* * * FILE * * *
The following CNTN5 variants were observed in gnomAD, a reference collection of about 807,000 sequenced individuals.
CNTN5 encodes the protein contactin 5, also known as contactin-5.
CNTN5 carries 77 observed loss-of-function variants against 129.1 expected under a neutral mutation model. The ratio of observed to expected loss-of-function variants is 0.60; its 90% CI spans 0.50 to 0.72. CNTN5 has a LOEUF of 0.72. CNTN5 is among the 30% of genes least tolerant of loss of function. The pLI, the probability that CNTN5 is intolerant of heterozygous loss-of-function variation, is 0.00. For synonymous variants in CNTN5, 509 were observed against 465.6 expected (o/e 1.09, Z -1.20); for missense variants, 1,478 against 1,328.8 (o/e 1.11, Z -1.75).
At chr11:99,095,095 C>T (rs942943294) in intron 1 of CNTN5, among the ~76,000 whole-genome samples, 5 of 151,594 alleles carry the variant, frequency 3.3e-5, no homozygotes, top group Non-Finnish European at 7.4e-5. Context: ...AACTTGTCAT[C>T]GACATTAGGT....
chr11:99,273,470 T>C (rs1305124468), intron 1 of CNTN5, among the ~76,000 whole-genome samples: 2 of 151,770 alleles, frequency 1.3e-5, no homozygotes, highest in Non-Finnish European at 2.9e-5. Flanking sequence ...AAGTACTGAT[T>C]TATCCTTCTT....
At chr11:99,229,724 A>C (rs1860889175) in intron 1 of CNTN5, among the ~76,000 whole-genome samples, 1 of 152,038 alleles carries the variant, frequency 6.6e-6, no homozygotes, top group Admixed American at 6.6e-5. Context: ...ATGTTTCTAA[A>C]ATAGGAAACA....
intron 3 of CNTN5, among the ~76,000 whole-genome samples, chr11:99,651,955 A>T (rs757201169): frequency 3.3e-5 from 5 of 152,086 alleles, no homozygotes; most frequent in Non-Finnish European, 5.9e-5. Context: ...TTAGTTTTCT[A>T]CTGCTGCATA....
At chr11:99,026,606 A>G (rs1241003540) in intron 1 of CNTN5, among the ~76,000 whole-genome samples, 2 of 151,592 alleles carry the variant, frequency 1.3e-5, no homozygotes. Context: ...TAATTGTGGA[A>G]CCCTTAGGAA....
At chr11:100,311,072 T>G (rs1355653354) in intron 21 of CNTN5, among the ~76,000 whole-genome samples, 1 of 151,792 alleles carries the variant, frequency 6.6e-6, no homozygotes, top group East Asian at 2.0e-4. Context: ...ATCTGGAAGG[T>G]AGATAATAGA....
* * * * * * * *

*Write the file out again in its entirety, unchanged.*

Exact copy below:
The following CNTN5 variants were observed in gnomAD, a reference collection of about 807,000 sequenced individuals.
CNTN5 encodes the protein contactin 5, also known as contactin-5.
CNTN5 carries 77 observed loss-of-function variants against 129.1 expected under a neutral mutation model. The ratio of observed to expected loss-of-function variants is 0.60; its 90% CI spans 0.50 to 0.72. CNTN5 has a LOEUF of 0.72. CNTN5 is among the 30% of genes least tolerant of loss of function. The pLI, the probability that CNTN5 is intolerant of heterozygous loss-of-function variation, is 0.00. For synonymous variants in CNTN5, 509 were observed against 465.6 expected (o/e 1.09, Z -1.20); for missense variants, 1,478 against 1,328.8 (o/e 1.11, Z -1.75).
At chr11:99,095,095 C>T (rs942943294) in intron 1 of CNTN5, among the ~76,000 whole-genome samples, 5 of 151,594 alleles carry the variant, frequency 3.3e-5, no homozygotes, top group Non-Finnish European at 7.4e-5. Context: ...AACTTGTCAT[C>T]GACATTAGGT....
chr11:99,273,470 T>C (rs1305124468), intron 1 of CNTN5, among the ~76,000 whole-genome samples: 2 of 151,770 alleles, frequency 1.3e-5, no homozygotes, highest in Non-Finnish European at 2.9e-5. Flanking sequence ...AAGTACTGAT[T>C]TATCCTTCTT....
At chr11:99,229,724 A>C (rs1860889175) in intron 1 of CNTN5, among the ~76,000 whole-genome samples, 1 of 152,038 alleles carries the variant, frequency 6.6e-6, no homozygotes, top group Admixed American at 6.6e-5. Context: ...ATGTTTCTAA[A>C]ATAGGAAACA....
intron 3 of CNTN5, among the ~76,000 whole-genome samples, chr11:99,651,955 A>T (rs757201169): frequency 3.3e-5 from 5 of 152,086 alleles, no homozygotes; most frequent in Non-Finnish European, 5.9e-5. Context: ...TTAGTTTTCT[A>T]CTGCTGCATA....
At chr11:99,026,606 A>G (rs1241003540) in intron 1 of CNTN5, among the ~76,000 whole-genome samples, 2 of 151,592 alleles carry the variant, frequency 1.3e-5, no homozygotes. Context: ...TAATTGTGGA[A>G]CCCTTAGGAA....
At chr11:100,311,072 T>G (rs1355653354) in intron 21 of CNTN5, among the ~76,000 whole-genome samples, 1 of 151,792 alleles carries the variant, frequency 6.6e-6, no homozygotes, top group East Asian at 2.0e-4. Context: ...ATCTGGAAGG[T>G]AGATAATAGA....